When I do have 15- to 30- minutes for meditation, what I love most is singing 108 repetitions of the “Asato Ma” chant.  I have seen many spellings, translations and interpretations of this widely-used Sanskrit chant, popular with many yogis.  This version is most effective for me: Asato Ma, Sat Gamaya (lead me from falseness to truth); Tamaso Ma, Jyotir Gamaya (lead me from darkness to light); Mrityor Ma, Amritam Gamaya (lead me from things that die off to that which is everlasting).  OM Shanti, Shanti, Shanti (OM Peace, Peace, Peace).

Repetition of these phrases reinforces my psychological direction toward and faith in the positive.  Falseness to truth can signify my desire to stop lying to myself, or, my hope to be free of people who lie to me…and so much more.  Darkness to light could be finding the means to be delivered from my depressive tendencies, to liberation and joy, or, awakening from being in the dark or uninformed about something, to being enlightened or aware.  Things that die off to that which is everlasting…the meanings are infinite, depending on personal experience.  For me, this phrase reminds me to choose attitudes and actions that will support long-term health in body, mind and spirit.  Among other things.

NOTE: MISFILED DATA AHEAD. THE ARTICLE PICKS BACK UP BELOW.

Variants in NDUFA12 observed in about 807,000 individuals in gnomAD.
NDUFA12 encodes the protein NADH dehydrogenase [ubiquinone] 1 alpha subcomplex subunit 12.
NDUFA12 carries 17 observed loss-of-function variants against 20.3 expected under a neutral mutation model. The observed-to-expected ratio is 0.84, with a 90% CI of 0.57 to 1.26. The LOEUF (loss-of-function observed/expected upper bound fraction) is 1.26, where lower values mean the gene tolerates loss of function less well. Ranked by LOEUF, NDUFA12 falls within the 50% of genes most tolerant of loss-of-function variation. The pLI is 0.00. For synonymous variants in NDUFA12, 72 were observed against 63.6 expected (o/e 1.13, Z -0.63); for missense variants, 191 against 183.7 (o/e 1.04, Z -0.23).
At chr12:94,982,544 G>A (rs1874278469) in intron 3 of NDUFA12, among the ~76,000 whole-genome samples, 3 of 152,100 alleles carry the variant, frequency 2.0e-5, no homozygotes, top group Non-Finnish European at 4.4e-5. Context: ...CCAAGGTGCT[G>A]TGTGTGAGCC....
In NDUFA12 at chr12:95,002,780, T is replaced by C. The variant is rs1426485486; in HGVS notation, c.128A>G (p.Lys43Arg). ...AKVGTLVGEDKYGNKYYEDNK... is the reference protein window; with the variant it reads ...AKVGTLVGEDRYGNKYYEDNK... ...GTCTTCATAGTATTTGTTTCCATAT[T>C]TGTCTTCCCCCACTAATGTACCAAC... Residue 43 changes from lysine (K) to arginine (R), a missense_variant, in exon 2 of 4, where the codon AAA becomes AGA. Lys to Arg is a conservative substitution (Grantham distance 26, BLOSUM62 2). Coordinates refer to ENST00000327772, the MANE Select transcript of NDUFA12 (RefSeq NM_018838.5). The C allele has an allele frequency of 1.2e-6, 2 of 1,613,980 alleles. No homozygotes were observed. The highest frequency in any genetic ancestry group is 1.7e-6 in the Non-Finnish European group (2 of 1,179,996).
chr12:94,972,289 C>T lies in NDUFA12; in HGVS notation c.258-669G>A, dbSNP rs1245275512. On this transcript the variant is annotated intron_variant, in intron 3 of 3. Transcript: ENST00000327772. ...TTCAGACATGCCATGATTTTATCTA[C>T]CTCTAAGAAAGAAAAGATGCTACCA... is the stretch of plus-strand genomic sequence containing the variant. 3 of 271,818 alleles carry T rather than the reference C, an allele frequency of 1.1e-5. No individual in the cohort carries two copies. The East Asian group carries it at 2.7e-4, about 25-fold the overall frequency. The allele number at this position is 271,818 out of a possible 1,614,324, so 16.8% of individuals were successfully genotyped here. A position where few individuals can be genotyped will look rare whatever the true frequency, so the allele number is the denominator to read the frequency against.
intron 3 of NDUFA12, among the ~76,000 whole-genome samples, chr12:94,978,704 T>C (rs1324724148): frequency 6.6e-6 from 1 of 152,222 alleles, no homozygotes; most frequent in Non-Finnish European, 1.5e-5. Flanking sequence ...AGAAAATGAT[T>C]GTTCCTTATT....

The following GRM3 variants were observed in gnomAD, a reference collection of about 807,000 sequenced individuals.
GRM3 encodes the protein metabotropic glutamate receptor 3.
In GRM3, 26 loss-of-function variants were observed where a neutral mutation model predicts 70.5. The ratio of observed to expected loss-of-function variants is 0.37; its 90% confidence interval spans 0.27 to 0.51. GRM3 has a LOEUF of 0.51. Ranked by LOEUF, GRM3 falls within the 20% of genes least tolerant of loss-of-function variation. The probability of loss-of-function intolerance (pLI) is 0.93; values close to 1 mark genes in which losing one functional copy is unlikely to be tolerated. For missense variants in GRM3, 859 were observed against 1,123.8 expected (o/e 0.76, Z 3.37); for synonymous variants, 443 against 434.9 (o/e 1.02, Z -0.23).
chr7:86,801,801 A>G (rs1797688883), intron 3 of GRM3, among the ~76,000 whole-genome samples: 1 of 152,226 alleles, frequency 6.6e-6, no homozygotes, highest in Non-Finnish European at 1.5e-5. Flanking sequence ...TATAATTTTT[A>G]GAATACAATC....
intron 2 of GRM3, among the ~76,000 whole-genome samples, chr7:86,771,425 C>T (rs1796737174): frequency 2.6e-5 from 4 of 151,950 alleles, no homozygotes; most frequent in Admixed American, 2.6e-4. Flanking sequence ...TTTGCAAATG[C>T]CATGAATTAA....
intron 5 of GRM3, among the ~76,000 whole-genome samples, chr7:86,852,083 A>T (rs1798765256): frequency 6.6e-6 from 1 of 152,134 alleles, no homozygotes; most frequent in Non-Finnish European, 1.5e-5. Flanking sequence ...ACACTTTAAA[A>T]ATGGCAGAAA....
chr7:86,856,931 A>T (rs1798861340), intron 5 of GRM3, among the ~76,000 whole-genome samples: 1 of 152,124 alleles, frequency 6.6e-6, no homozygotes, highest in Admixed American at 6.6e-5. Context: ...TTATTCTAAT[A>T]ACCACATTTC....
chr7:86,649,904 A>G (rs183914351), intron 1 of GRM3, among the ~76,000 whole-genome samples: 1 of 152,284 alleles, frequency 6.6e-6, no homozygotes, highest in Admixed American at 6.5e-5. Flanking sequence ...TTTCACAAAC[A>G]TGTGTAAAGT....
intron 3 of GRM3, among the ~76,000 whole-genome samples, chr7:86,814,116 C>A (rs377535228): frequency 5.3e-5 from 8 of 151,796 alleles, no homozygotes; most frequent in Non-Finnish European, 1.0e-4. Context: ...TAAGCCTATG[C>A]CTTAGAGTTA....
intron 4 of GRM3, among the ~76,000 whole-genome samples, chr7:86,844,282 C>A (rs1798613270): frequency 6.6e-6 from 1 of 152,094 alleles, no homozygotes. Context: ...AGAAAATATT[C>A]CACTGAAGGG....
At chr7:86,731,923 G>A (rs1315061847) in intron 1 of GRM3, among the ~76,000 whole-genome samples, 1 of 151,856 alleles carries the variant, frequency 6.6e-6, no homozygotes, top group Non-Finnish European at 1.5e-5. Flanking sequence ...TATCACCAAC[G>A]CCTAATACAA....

If I don’t have time for the 108, I chant this three times, and then close with another Sanskrit chant, popular in yoga circles, which wishes well-being for others.  Lokah Samastaa Sukhino Bhavantu.  Again, there are many versions out there.  My favorite is: “May the entire universe and all its beings realize peace and light.”

*  *  *

As I mentioned – I don’t always have the luxury or time to complete my ideal Sadhana first thing each day.  Yet, I always – always – practice at least some parts of my routine immediately upon rising.  I have learned that trying to spread it over a broken morning of errands or texts or other activities never pays off.  So even when I feel totally distracted – life drama tugging at my mind, the computer tugging at my fingertips, errands tugging at my feet – I still try to stay unplugged and go through the motions.

The above may seem exhaustive!  As I said, I actually enjoy a complex and absorbing morning routine to ensure a peaceful day.  Remember, this lengthy Sadhana can be broken down into manageable parts for a much shorter version.